March 1971: Grave Of Walter Hill
The placing of a commemorative plaque on the grave of the Brisbane Botanic Gardens will be one of our main projects this coming year. Mrs. Barry and Mrs. Richardson recently visited the grave, which is situated in Toowong Cemetery with Mr. Caulfield, present Curator.
It proved to be a most interesting afternoon, as he later took us over the proposed new botanic gardens, which undoubtedly will be extremely beautiful. The location is a perfect one, and Garden Clubs can be assured of some wonderful field days in the future observing the development of Mr. Caulfield’s exciting plans. To return to the grave (not literally of course), it is in quite good repair and condition The monument will need some restoration work on the lettering for which we will obtain quotes. The President had an interview with Mr. Mattett of the Brisbane City Council Health Dept. He expressed his delight with our interest and offer of the plaque, and indicated that the Council will assist by recommending a firm which carries out Council work of this nature, thereby reducing costs considerably. It is envisaged that the finished article will cost between $3O—$4O. The inscription will be obtained from the following history provided by Mr. Caulfield.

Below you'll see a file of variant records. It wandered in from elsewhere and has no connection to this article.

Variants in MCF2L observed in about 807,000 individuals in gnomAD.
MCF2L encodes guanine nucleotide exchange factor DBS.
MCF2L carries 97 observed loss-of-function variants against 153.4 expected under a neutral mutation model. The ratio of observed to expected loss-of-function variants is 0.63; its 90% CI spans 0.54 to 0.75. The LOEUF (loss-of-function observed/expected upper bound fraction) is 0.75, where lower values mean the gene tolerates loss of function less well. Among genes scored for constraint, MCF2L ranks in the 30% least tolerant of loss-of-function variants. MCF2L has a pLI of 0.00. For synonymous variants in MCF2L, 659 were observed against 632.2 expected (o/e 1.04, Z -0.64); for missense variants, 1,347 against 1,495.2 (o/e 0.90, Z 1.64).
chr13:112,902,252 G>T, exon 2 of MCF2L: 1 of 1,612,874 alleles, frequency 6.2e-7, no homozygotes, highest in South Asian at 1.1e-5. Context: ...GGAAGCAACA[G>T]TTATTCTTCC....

The Walter Hill Ceremony
Article by Glenda Cooper – an extract from The Sunday Mail article by Jane Keogh
Botanist Walter Hill was born in Scotland in 1820. He gained experience in Kew Gardens in London and then, seeking adventure, emigrated to Australia in 1852. In 1855, Hill was appointed Curator tasked with creating Brisbane’s first Botanic Gardens. Hill inherited the old six-acre marshy market garden. He badgered the Government to extend the gardens right to the riverbank on three sides enabling a site of 25 acres and creating water vistas as well as the pleasure of waterfront strolling.
Hill planted whatever grew best in the sub-tropical climate, blending endemic species with those collected internationally. He published catalogues of the new Queensland plants and distributed them to curators all over the world, which enabled him to set up a seed and cuttings exchange system. During his term as superintendent, Hill arranged for Queensland flora and fauna to be exhibited at international exhibitions throughout the world and in return, received numerous specimens for Queensland’s benefit. He also travelled all over the state creating new species of plants.
Hill contributed to agriculture introducing mango, pawpaw, ginger, tamarind, arrowroot, cotton, mahogany and sugar cane. He also brought the Jacaranda and Poinciana trees to Queensland.
Footnote: Brisbane, Queensland and Australia owe a debt of gratitude to Walter Hill for his contribution to botany in his new country.